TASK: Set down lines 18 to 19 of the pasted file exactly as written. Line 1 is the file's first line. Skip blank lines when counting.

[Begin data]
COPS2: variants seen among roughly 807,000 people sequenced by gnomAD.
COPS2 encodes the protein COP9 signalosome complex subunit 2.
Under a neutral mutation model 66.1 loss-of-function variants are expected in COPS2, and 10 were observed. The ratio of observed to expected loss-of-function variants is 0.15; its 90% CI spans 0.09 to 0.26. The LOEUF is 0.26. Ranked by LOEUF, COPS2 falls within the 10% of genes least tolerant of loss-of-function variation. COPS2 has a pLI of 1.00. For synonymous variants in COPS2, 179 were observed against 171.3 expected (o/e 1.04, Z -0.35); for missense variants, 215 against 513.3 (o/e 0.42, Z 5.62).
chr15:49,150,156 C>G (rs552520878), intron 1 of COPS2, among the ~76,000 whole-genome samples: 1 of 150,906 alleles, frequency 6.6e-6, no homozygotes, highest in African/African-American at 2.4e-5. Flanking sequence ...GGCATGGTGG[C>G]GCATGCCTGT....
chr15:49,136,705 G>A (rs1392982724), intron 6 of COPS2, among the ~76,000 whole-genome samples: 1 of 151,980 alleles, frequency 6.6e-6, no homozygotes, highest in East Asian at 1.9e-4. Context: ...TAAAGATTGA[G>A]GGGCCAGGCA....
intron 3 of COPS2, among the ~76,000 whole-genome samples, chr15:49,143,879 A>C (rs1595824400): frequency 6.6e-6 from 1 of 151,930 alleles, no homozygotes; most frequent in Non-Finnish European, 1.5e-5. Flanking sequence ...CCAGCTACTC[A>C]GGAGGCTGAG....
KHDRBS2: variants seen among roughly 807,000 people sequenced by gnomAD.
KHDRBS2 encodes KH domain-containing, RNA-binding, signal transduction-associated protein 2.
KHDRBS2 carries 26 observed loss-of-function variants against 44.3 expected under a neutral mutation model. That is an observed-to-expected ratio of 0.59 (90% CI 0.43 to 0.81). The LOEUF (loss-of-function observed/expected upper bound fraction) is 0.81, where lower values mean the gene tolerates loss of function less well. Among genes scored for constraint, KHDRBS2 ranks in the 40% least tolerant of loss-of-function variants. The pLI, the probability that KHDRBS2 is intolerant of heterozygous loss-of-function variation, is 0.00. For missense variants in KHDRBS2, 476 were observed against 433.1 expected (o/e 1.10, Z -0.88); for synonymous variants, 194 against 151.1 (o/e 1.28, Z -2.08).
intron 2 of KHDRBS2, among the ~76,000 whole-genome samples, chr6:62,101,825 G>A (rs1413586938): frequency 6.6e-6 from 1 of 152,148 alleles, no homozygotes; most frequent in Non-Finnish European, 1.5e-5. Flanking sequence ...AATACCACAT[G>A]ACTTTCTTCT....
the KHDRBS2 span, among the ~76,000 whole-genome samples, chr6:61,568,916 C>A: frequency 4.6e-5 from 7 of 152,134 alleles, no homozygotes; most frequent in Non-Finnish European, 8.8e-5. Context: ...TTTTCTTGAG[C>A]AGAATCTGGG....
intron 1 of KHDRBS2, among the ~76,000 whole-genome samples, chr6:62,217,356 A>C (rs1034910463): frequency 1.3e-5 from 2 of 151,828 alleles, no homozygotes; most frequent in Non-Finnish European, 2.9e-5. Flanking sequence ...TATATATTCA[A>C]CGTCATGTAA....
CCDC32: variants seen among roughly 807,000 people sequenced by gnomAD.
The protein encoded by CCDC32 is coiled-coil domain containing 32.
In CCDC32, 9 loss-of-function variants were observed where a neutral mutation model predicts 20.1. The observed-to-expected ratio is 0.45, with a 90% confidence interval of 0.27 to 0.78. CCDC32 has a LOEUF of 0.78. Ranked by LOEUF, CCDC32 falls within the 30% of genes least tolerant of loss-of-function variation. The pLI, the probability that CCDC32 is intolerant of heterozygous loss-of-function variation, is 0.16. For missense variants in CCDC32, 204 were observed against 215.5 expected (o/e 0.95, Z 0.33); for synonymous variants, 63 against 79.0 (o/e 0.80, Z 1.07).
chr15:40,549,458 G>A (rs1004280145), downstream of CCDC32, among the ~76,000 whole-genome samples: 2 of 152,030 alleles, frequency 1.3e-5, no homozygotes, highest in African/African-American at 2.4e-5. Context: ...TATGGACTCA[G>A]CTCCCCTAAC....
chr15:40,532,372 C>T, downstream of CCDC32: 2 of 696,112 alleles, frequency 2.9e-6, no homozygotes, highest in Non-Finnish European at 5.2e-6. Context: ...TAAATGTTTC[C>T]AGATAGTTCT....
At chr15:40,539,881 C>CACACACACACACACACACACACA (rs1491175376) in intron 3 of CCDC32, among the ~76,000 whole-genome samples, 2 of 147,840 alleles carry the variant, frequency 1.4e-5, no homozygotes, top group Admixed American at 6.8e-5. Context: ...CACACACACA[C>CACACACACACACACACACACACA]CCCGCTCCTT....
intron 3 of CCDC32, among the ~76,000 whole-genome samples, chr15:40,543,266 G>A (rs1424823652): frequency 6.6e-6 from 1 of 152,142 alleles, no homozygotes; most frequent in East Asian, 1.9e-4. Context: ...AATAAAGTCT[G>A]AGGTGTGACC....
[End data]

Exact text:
At chr15:40,539,881 C>CACACACACACACACACACACACA (rs1491175376) in intron 3 of CCDC32, among the ~76,000 whole-genome samples, 2 of 147,840 alleles carry the variant, frequency 1.4e-5, no homozygotes, top group Admixed American at 6.8e-5. Context: ...CACACACACA[C>CACACACACACACACACACACACA]CCCGCTCCTT....
intron 3 of CCDC32, among the ~76,000 whole-genome samples, chr15:40,543,266 G>A (rs1424823652): frequency 6.6e-6 from 1 of 152,142 alleles, no homozygotes; most frequent in East Asian, 1.9e-4. Context: ...AATAAAGTCT[G>A]AGGTGTGACC....